Flex is the name for a group of flexible, rubber-like plastics used for 3D printing. However, it is not uncommon to find reels where Flex is indicated as a separate type of material.
Flex plastics are usually divided into TPE and TPU. TPE resembles soft rubber while TPU is a harder material.
Today, there are many brands of Flex plastics from different manufacturers. Therefore, you can find TPE and TPU that are almost identical in physical properties.
In this guide, we’ll look at how to choose a 3D printer for flex plastics.
Choosing a 3D Printer for Flex Plastics
Due to the unique properties of the plastics, printing with them is rather difficult. To get a high-quality results, most printers need to be modified; e.g., replacing the firmware, printing additional parts, installing a different system feeder, etc.
Let’s look at the characteristics of printers that can successfully print flex plastics.
The choice of the type of extruder for printing with Flex-plastics is important than when printing with other types of filament. There are two common types of extruders; Bowden and Direct.
The Bowden extruder separates the hot end and the feed mechanism attached to the printer body and connected to the hot end using a Teflon tube. The advantage of the Bowden extruder is its compact and lightweight printhead that delivers high print speeds and low motion inertia.
However, a Bowden extruder is not suitable for printing with Flex-plastics. Because of the properties of the flexible material, the movement of the bar resembles how a spring works, i.e., when the bar passes through the nozzle, it compresses and retracts.
During the retraction, it is necessary to get rid of the compression before the bar goes back to ensure the print comes out strong. The distance between the feeder and the hot end affects this. Thus, Bowden extruder can be used to print soft materials. However, due to prolonged compression, a high-quality result can only be achieved when printing models with a small build area.
In the Direct system, the feeder is connected directly to the hot end, which increases the mass of the head. This makes it better suited for printing with Flex materials. The rapid compression of the bar allows you to print with retraction, almost the same as with solid filament. This enables high-quality printing of volumetric models of complex shapes at a faster speed twice of 30-40 mm/s, which his about twice the printing speed of Bowden extruders.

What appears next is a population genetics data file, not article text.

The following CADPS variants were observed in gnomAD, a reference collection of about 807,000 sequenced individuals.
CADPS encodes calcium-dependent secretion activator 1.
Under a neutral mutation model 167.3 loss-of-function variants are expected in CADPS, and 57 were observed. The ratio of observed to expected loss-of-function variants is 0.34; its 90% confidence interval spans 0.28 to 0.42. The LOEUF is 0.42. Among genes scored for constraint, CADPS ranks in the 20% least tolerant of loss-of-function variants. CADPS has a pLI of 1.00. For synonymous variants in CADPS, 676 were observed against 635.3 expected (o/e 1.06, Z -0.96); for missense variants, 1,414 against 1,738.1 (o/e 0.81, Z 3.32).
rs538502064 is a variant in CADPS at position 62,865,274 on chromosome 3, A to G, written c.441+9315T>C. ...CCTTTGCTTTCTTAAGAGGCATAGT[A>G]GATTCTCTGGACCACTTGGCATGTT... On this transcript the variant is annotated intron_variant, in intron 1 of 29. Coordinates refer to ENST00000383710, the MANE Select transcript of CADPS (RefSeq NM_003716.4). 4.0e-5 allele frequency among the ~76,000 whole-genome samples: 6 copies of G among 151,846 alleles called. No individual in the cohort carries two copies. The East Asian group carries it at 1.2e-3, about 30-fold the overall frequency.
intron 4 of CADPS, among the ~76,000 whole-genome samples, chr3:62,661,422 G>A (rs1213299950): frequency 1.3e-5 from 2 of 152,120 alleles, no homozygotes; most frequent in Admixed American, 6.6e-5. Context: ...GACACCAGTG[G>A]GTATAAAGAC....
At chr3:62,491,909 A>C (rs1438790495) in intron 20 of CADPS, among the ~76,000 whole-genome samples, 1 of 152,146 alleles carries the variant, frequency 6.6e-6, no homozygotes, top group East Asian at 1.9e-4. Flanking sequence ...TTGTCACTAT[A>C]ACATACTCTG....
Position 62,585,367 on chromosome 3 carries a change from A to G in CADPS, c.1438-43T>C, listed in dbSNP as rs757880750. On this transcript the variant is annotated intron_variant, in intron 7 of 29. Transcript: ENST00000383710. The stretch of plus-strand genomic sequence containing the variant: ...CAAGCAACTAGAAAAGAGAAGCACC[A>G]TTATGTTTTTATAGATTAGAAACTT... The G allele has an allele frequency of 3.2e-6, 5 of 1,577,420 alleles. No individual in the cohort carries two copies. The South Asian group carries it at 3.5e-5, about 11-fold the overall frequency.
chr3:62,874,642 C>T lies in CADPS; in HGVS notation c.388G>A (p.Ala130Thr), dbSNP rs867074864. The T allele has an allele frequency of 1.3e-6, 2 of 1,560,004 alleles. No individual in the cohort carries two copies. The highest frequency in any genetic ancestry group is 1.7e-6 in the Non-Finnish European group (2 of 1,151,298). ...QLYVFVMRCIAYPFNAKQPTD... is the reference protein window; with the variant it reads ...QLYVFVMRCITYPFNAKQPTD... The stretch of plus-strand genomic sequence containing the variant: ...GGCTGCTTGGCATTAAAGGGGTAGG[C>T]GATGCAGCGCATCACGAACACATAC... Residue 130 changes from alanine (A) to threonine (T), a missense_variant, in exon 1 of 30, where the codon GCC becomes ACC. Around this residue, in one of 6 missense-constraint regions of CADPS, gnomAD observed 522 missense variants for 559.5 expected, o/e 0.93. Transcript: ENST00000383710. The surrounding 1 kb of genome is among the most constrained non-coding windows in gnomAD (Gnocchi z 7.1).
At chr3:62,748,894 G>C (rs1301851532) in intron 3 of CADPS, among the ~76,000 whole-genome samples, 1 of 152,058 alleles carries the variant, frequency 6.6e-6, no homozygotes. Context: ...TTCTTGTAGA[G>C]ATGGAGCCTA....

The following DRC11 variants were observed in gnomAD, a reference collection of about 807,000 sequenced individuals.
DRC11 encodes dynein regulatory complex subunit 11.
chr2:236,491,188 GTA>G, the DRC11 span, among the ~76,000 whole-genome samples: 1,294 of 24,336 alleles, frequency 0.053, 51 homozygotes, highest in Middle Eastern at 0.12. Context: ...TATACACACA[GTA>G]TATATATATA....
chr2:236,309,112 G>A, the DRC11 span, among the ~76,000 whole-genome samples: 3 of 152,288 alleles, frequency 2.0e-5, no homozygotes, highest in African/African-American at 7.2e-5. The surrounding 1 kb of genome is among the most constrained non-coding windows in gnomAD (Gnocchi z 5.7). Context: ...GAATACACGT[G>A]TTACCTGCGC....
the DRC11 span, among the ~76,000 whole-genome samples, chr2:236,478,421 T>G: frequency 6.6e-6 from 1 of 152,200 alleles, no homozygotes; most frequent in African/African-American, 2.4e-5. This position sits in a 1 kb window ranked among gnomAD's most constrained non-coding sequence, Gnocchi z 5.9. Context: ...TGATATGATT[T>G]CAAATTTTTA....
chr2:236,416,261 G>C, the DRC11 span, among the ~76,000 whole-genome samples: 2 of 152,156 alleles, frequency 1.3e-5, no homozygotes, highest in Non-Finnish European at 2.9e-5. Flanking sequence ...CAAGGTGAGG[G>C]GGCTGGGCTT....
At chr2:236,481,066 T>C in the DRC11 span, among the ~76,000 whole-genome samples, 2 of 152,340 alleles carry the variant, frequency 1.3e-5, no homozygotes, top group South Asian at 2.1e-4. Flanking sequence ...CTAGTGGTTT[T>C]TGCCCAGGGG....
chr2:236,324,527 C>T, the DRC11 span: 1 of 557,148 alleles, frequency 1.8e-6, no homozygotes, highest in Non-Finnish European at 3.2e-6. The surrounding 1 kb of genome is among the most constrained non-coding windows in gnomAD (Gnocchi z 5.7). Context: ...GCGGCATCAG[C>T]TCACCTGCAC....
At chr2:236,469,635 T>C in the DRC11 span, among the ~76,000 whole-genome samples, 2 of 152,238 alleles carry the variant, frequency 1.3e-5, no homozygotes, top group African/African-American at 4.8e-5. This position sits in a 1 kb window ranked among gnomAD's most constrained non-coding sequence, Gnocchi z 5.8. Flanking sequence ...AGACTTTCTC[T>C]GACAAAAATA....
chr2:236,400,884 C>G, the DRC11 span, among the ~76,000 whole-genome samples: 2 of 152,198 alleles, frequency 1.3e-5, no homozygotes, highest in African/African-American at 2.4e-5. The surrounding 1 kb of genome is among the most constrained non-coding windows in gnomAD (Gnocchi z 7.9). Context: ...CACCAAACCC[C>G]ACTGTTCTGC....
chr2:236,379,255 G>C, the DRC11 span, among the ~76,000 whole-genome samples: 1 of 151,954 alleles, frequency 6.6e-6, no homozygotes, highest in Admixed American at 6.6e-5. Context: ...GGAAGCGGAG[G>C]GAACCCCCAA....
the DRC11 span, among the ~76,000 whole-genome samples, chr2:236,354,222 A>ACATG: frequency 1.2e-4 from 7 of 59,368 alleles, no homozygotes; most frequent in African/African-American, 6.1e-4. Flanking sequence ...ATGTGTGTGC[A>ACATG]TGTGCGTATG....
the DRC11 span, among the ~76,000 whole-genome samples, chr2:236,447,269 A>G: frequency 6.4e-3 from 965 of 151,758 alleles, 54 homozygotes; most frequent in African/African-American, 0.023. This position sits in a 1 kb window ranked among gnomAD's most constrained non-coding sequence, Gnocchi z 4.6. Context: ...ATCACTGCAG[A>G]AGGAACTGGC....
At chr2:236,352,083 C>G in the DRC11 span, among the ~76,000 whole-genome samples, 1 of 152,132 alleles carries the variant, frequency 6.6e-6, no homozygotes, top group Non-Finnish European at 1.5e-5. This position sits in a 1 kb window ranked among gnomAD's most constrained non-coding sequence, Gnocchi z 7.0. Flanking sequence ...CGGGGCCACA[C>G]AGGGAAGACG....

Generally, the Bowden system extruder is installed on budget printers (Creality Ender-3, Voxelab Aquila, FlyingBear Ghost 5), etc. On the other hand, Direct extruder is installed on professional printers (Raise3D E2, Flashforge Guider IIs, PICASO Designer X, etc.)
The type of feeder also affects the quality of print made from flexible plastic.
The MK8 feeder is installed on printers such as the Ender-3, Ender-5, the Aquila series and others. This feeder has a brass gear and a counter roller. The MK8 pushes hard plastics well, but Flex filaments are problematic.
There is enough clearance between the feed gear and the housing for the bar to bend to the side instead of being fed into the tube, causing the bar to wrap around the gear and further jam the material.
Another disadvantage of MK8 feeder is that the gear has a small number of teeth (26) and poor sharpness. These make the soft bar slip and leads to uneven feeding.
On a printer with MK8, we were able to print a membrane insert made of solid TPU.
The FlyingBear Ghost 5 features a different BMG or Dual Drive feed mechanism, which uses two feed gears to provide reliable traction when feeding soft material. The feeder also has a closed housing that eliminates the possibility of incorrect bar feed.
Professional 3D printers with Direct also use the BMG mechanism, which is great for feeding all types of materials.
In budget printers, the Teflon tube with filament is directly inserted into the thermal barrier of the hot end, or a PTFE liner of the same material is used. Teflon combines well with Flex materials – the bar slides and does not stick to the tube walls.
However, at temperatures of 230-240°C, Teflon softens and deforms over time. This leads to the formation of plugs and sticking of the bar. Therefore, the PTFE liner is a consumable item that needs to be monitored.
Professional printers use a solid metal tube, which is necessary for working with refractory materials in high temperature conditions. However, since Flex-plastics adhere to metal, the hot ends of this system can only print at low speeds.
Raise3D engineers took into account the problems with printing with soft materials and developed a combined hot end for the Raise3D E2. On the printer, a PTFE insert is built into the thermal barrier, and connected to the heating block using a 2 mm long metal tube.
The insert is located at a sufficient distance so that the Teflon does not deform from high temperatures. It is also in a short section of the metal tube so that the material does not have time to stick to the walls. Thus, it was possible to combine the low adhesion of Teflon and the reliability of the metal.
Printing with flexible materials has serious technical requirements and requires careful selection of settings. However, today the variety of plastics allows you to choose Flex for almost any type of extruder, feeder and hot end.
Overture TPU has proven itself well on budget printers. The material is quite hard and the bar does not stretch very much. Therefore, you can achieve an acceptable result on any printer if you tweak the settings right.
However, if you will be printing large-sized models with soft TPE plastics, consider purchasing a professional printer that can provide both reliable feed and work with retracts.